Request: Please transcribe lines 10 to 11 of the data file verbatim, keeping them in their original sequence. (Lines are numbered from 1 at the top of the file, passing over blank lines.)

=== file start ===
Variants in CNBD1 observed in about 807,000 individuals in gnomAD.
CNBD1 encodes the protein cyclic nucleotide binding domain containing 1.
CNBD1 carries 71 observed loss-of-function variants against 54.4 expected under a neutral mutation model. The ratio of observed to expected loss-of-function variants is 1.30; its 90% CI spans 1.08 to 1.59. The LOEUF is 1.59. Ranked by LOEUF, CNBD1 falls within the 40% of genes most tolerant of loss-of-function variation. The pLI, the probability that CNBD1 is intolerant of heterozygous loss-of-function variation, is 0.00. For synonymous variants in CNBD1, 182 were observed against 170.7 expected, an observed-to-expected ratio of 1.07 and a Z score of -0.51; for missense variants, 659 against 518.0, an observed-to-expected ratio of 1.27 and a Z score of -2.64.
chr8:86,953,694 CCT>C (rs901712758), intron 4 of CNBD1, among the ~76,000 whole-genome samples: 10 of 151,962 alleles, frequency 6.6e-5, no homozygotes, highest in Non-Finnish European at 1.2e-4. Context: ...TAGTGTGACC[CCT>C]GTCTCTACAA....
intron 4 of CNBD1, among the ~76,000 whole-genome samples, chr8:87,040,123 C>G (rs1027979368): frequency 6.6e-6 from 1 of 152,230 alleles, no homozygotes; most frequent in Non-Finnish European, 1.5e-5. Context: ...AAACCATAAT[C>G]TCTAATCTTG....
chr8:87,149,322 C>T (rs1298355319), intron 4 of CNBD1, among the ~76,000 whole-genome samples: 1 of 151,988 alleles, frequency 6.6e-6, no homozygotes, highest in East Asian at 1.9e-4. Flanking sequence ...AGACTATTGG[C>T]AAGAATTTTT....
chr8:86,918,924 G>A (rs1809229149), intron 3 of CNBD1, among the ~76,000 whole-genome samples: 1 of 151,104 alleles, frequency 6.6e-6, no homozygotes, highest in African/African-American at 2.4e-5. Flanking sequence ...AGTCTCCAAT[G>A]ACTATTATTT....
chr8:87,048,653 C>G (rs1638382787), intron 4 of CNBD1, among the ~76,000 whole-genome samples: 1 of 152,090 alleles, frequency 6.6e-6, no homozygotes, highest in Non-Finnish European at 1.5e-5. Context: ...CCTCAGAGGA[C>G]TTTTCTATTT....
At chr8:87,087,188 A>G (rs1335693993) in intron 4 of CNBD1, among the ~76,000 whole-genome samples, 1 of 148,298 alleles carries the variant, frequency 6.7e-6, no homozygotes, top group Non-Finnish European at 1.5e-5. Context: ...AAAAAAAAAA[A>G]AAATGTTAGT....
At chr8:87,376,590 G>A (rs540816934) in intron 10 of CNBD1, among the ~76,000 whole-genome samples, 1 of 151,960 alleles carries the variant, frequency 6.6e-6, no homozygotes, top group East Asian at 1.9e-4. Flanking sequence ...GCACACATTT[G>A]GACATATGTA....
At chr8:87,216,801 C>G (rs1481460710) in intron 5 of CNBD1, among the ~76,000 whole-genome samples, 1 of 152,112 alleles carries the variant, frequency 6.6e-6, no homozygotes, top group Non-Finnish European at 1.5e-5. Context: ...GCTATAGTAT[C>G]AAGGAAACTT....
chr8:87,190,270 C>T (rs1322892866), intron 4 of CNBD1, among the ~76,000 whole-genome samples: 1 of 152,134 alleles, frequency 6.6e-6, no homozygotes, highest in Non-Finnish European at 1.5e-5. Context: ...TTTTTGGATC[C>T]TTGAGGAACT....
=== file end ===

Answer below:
At chr8:87,376,590 G>A (rs540816934) in intron 10 of CNBD1, among the ~76,000 whole-genome samples, 1 of 151,960 alleles carries the variant, frequency 6.6e-6, no homozygotes, top group East Asian at 1.9e-4. Flanking sequence ...GCACACATTT[G>A]GACATATGTA....
At chr8:87,216,801 C>G (rs1481460710) in intron 5 of CNBD1, among the ~76,000 whole-genome samples, 1 of 152,112 alleles carries the variant, frequency 6.6e-6, no homozygotes, top group Non-Finnish European at 1.5e-5. Context: ...GCTATAGTAT[C>G]AAGGAAACTT....